I know why there are now so many shades of green. I'm pretty sure that artists visited Kauai and drank in the incredible fifty shades of greens and blues. By car, the landscape of Kaua'i resembles a moving nature landscape patchwork.
It's our third day on Kauai and we've set off early from Kapaa for Poipu towards the South Shore of Kaua'i. It's about a 35 minute drive and we pass American flags flying alongside Hawaiian flags, undulating roads, tall grasses that hide misty shrouded mountains from view and an avenue of tall trees ushers us into the area of Koloa.
The Maluhia Road Tree Tunnel was originally planted by a pineapple and sugar businessman Walter McBryde in 1911. The row of mahogany trees stretch for about a mile offering drivers a reason to look up and admire. Originally the trees arched over providing a canopy but a hurricane in the early 1990's removed much of it.
Our first stop is an early morning breakfast. While in the Hawaii, the heat (that is so welcoming when you think back to the Winter back home) makes one crave things like poke (sashimi fish salad), shave ice and salads. We make a stop at Koloa Fish Market in the lovely historic town of Koloa.
It's a takeaway shop with a glass cabinet filled with treasures of the sea. A white board displays more substantial plate lunches and another customer recommends that we try the Korean style poke at $13.99 a pound (half kilo). Although it's early at around 10:30am, Mr NQN is eager and we also order a few other things.
There's nowhere to sit but there's a single chair outside so we photograph our breakfast there. Most people take their food away and eat it at one of the scenic points along the beach. Unwrapping our goods, I first try the purple pot of Hanelei poi. It is a very mild fermented and pureed taro root in a cup - often called bland by many.
Clockwise from bottom left: Poi $2, Combination laua and kalua pig plate $10.99, avocado ahi poke $7.50, Korean ahi poke $7.50
The combination plate has a bit of everything including clear, slippery chicken "long rice" noodles flavoured with a little chicken broth. There is a tub of roasted kalua pig which is all soft, stringy goodness and the leaf wrapped dumpling is filled with soft pork mixed with ti leaves and wrapped in taro leaves. There is supposed to be a small tub of poke but instead it is a diced tomato salad.
The Korean ahi poke is very good and mildly spicy with a Korean chilli paste added to it but I am crazy for the creamy avocado ahi poke with just the right amount of creaminess and seasoning.
We take a walk around the town, population a mere 2,000. The restored shops on the main road are tinted a pretty retro pink hue. The town was an old sugar plantation town and first place in Hawaii to successfully build a sugar plantation industry in 1835.
The general store was owned by a man called Howard Yamamoto and it also served as a plantation camp store and service station. There are remnants of the original design and vintage memorabilia including drink signs and an old gas station pump. An enormous Monkey Pod tree planted by Mr Yamamoto in 1925 stands firm, its outstretched numerous branches offering much shade.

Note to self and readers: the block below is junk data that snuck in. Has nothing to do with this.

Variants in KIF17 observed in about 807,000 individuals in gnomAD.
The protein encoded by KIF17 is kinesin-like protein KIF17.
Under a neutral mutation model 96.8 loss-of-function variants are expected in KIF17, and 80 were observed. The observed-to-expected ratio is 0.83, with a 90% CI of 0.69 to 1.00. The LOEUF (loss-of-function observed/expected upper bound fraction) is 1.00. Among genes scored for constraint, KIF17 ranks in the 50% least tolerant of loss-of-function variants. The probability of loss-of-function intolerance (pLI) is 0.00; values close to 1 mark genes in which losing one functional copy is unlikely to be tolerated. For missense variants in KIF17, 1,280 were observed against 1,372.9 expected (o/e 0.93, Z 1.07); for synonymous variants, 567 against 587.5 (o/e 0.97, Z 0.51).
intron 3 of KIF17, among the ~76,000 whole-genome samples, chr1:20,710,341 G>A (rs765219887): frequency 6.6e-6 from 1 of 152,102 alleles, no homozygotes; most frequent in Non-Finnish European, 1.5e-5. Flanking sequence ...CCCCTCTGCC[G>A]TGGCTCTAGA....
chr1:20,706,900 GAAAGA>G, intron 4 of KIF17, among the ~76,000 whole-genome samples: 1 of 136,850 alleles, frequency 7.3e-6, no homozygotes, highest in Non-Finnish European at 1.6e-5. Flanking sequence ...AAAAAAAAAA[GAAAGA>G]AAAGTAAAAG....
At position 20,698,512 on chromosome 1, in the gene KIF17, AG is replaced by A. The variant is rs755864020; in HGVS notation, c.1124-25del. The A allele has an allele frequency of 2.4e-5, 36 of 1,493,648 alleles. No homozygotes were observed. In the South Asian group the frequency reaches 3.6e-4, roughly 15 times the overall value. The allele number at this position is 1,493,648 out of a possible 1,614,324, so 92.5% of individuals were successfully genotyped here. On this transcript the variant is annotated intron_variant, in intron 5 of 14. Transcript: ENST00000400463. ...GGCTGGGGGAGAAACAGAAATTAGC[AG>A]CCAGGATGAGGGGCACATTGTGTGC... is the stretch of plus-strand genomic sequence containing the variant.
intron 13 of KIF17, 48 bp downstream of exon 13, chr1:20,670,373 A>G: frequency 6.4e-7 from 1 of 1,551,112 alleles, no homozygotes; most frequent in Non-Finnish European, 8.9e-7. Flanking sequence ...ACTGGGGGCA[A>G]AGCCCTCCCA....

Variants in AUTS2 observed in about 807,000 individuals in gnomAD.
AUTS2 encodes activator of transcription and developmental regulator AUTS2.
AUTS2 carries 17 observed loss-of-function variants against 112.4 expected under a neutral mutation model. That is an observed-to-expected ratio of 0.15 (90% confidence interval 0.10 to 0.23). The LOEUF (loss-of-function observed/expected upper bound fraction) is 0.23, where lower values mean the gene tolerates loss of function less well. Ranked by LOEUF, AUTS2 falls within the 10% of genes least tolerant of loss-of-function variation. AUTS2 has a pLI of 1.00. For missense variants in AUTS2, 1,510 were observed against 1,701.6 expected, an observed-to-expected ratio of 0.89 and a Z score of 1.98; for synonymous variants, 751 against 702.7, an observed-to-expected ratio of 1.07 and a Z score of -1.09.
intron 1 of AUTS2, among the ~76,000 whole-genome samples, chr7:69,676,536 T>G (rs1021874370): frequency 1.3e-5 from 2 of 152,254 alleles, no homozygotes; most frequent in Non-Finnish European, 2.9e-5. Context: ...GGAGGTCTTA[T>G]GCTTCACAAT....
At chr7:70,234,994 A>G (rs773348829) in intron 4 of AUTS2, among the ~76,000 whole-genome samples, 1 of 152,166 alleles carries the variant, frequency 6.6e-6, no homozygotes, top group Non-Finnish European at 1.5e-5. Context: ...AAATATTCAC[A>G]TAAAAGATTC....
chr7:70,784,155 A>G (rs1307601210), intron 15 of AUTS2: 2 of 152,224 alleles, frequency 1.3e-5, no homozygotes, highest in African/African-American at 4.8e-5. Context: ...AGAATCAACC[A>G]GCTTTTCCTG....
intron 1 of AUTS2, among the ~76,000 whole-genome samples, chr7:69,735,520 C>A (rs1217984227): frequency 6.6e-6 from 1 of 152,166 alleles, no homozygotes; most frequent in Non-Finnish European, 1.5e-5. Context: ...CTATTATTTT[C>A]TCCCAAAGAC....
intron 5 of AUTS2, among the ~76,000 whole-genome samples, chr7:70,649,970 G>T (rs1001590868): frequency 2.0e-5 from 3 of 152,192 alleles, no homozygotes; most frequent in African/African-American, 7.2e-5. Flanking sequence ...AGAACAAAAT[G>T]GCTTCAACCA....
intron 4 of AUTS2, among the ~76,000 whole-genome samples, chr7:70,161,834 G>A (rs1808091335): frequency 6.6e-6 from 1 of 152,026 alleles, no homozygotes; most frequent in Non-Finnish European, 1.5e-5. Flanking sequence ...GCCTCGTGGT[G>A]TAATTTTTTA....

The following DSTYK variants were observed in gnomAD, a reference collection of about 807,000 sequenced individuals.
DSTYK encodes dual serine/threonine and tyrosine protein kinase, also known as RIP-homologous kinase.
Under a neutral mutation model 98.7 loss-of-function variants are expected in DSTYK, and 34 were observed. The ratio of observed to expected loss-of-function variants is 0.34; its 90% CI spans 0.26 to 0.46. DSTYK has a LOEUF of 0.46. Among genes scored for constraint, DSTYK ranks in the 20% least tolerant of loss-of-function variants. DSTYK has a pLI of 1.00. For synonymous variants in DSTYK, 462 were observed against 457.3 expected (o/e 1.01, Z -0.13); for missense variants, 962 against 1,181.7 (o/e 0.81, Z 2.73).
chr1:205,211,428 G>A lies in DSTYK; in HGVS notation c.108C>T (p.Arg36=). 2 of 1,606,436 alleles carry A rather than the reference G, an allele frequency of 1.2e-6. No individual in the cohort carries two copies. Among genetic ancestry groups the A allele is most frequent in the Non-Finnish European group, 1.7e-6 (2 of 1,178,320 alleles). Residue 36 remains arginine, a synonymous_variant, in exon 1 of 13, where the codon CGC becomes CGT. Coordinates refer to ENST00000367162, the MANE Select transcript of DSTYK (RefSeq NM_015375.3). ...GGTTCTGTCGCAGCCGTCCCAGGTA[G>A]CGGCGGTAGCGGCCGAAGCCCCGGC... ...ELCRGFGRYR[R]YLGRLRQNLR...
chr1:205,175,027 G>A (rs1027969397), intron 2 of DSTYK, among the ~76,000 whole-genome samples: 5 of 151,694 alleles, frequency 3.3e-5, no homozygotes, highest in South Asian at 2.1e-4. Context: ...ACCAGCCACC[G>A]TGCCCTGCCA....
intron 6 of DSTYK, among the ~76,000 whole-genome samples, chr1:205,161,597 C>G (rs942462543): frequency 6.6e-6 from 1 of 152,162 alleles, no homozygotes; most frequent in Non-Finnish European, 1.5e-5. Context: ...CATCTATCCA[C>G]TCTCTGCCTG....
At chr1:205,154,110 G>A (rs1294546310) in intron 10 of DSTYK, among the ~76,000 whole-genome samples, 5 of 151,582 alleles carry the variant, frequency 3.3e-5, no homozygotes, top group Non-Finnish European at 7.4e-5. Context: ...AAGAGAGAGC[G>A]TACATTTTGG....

We stop in at The Wine Shop in Koloa which has an interesting range of wines including a locally made mead that we buy. There is a range of grass fed beef and condiments for those self catering and there is even a selection of Koloa grown tobacco cigars. The leaves are sent to Nicaragua for rolling and sent back to Kauai for packaging. The staff here can also give customers names of local restaurants that will waive the corkage fee for customers bringing their wine in.
I see a sign for Kakui Nut Roasters and we walk into the shop where we are greeted with an enthusiastic "Welcome to the Nut House!" On the centre table are a huge range of samples to try. "You can try as many as you like - or all of them!" they tell us. We sample a few (okay a lot of them) and we buy four packets as well as a jar of fantastic sesame and flax "nut" butters.
About five minutes' away from Koloa past a row of vibrant yellow trumpet trees is another great lunch or dinner stop that is a local's favourite. Da Crack serves healthy, wholesome tacos, burritos and bowls to customers all day. The reason for the name is not because the front walk up window is a mere sliver in the wall. It was formerly called "Taquria Nortenos" and the t-shirts the employees wore said "The Grack." However the font looked as though it read "The Crack" and the name stuck.
Daniel Hurtado's childhood was spent asking his American born mother to make Mexican food from his father's homeland of Mexico. Daniel grew up near Taqueria Nortenos or The Grack and even traded the owner Ed a rooster for a burrito once. When it closed in 2007 he took it over promising to deliver health conscious Mexican food to customers free of MSG or trans fat and hydrogenated oils and only using fresh (not frozen) fish bought from local fishermen.
I was warned that service could be a little short here but I'm greeted warmly and they are very friendly. I order the grilled fish as a taco and a bbq shrimp as a burrito. You can choose black or pinto beans and chipotle or wasabi sour cream and plain brown of Mexican brown on each item.
We take a seat and watch the line of customers ebb and flow. Some come from the nearby zipline and touring company while others pull into the parking lot just to order food. A few minutes later our food is ready and I carry it out on a tray.
The fish taco is sprinkled with spices and comes on a flour tortilla with a layer of shredded cabbage, pico de gallo and a blanket of wasabi sour cream on top. There's a side serve of Mexican brown rice and pinto beans that are 99% fat free, vegan and made without lard.
Picking up the burrito I'm surprised at how weighty it is. This is food for surfers or hungry teens. Packed full with shredded cabbage, pico de gallo, chipotle cream, brown rice, black beams and a good amount of succulent chipotle garlic shrimp it's a nutritious but delicious serve meant to fill cavernous tummies. All of this is washed down with a bottle of guava Jarritos Mexican soda ($2).